Friday, May 25, 2018

Not even enough time to do some rehearsals

Ready or not, hurricane season is happening, guys.  Actually, why would we even bother to write it that way? Everybody knows we are not ready.  
Two different reviews of the New Orleans area levee system by the Army Corps of Engineers raise troubling questions about the ability of much of the system to withstand surges caused by a major storm nearly 13 years after Hurricane Katrina. The reviews also question the ability of local levee districts to keep up with costly maintenance between storms, as required to remain eligible for the National Flood Insurance Program, records show.

One of the reviews, completed in 2011, gave the 350-mile levee system the second worst classification - "Urgent (Unsafe or Potentially Unsafe)" -- in the corps' Levee Safety Action Classification system. While preliminary because post-Katrina improvements were not finished, the classification remains accurate to this date, a corps New Orleans District spokesman confirmed recently.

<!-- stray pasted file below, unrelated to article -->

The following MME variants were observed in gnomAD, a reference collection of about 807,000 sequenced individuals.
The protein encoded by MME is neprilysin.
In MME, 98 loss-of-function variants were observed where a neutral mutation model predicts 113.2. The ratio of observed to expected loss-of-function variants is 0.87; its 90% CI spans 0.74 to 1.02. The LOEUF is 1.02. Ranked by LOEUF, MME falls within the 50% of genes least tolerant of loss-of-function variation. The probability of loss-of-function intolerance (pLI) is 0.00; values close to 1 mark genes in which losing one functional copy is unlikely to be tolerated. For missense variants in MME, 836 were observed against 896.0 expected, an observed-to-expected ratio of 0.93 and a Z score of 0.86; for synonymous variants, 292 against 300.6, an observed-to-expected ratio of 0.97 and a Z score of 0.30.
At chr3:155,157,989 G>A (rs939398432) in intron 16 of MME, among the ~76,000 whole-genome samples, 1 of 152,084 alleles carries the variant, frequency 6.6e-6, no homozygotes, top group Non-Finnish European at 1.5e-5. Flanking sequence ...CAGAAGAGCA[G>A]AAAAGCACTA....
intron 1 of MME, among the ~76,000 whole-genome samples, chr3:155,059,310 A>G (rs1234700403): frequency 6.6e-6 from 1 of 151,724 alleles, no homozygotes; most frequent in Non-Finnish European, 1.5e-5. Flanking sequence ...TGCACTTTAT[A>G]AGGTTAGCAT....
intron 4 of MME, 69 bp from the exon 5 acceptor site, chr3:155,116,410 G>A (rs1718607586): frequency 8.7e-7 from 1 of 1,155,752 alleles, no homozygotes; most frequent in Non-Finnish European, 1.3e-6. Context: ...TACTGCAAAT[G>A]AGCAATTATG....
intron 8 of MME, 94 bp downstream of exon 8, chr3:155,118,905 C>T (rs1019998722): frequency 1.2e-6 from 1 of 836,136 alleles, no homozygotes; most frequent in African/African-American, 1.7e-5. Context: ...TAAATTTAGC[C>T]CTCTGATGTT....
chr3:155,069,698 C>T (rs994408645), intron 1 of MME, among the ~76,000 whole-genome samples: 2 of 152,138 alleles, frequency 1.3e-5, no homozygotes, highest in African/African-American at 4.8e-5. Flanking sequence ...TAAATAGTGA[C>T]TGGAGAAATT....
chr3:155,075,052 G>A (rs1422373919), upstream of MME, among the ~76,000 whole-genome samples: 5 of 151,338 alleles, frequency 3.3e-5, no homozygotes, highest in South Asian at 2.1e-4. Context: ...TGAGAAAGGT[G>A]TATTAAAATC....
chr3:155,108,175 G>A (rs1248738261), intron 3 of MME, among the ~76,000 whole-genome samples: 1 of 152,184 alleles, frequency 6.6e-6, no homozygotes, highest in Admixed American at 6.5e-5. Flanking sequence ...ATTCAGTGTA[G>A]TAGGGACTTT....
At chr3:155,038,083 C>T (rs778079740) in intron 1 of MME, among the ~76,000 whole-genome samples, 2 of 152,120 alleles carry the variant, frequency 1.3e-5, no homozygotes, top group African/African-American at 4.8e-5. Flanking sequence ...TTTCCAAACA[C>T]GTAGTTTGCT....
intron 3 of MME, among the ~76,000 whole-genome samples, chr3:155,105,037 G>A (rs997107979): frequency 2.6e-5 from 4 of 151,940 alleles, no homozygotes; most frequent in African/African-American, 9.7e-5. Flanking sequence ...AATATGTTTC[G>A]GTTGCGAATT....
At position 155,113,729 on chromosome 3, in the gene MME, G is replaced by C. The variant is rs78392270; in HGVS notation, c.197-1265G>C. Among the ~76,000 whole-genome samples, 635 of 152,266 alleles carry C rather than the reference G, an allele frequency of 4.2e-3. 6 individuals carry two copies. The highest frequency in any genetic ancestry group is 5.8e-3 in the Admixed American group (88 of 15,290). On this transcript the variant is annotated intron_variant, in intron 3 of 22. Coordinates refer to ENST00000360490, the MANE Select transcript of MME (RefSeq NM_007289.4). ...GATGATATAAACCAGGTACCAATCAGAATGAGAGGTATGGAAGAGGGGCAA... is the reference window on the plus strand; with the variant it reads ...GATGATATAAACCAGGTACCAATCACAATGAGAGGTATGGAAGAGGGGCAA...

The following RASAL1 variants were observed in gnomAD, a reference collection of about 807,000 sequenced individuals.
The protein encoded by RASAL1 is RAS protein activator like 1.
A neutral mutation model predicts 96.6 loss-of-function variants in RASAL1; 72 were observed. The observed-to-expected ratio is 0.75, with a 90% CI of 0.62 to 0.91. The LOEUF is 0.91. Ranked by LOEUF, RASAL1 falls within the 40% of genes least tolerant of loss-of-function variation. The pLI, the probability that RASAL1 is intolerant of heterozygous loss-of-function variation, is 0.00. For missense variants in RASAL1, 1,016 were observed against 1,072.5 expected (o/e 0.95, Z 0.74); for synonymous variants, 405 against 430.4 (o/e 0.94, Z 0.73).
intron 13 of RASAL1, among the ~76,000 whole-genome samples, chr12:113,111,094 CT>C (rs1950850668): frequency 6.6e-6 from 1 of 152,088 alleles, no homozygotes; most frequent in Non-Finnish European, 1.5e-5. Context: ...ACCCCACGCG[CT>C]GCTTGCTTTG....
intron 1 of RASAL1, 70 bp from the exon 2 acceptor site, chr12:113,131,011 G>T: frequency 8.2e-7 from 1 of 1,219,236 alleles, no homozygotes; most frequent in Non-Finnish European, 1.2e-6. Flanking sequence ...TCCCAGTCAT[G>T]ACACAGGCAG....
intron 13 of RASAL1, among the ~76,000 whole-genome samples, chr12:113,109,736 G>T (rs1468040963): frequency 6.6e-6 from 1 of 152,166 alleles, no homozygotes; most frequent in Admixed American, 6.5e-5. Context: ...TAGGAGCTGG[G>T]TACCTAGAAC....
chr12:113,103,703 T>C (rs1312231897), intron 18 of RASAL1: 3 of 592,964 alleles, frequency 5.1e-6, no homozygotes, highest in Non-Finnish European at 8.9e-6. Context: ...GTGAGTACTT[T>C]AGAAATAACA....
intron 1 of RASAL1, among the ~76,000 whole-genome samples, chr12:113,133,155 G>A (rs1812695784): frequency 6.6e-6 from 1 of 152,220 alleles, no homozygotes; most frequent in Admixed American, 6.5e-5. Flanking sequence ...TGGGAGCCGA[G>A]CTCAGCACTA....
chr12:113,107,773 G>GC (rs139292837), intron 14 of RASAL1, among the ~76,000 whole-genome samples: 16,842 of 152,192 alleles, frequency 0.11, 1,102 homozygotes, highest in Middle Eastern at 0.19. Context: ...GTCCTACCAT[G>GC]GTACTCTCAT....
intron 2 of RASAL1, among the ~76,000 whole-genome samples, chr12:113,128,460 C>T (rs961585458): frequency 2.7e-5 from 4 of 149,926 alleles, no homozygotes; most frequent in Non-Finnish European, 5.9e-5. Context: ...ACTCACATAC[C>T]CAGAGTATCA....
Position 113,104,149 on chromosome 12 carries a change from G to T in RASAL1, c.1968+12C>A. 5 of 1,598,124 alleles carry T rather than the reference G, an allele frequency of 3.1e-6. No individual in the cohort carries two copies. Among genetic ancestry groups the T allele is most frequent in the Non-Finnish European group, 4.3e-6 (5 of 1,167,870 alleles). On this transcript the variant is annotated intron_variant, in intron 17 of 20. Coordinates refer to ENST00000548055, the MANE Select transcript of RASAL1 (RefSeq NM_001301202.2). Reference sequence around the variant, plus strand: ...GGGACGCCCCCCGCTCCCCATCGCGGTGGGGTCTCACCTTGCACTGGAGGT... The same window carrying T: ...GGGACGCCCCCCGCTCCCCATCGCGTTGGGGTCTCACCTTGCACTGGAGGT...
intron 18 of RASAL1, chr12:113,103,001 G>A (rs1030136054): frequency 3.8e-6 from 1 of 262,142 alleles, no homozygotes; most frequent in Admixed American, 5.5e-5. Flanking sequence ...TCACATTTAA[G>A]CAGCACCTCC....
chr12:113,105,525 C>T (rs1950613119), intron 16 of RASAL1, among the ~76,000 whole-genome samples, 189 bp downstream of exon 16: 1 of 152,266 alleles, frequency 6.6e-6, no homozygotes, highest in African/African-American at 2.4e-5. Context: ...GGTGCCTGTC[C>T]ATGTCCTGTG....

The reasons everybody knows this are clear enough.  Anyone living in New Orleans during the post-Katrina saga should be well aware that even the new "risk reduction" system of levees and floodwalls is only rated to perform well during a "100 year" storm event. And, as everyone knows, this just ain't gonna be good enough.
The bad rating was caused instead by the potential threat of even stronger storms that could occur less often. In a 200-year event, levees throughout the New Orleans area would be overtopped, Needham's assessment said. There's a 14 percent chance of a 200-year event occurring in the lifetime of a 30-year home mortgage.

Storms of that magnitude or higher would make a breach in the levee system likely, Needham's presentation said, which "would significantly increase consequences."

Scientists have concluded that the Katrina surge that overwhelmed the Mississippi Gulf Coast was a 400-year event, while the surge in Lake Borgne that overtopped St. Bernard Parish and New Orleans levees was a 200- to 250-year event.

There's a 5.8 percent chance of a 500-year event occurring during the life of a 30-year mortgage.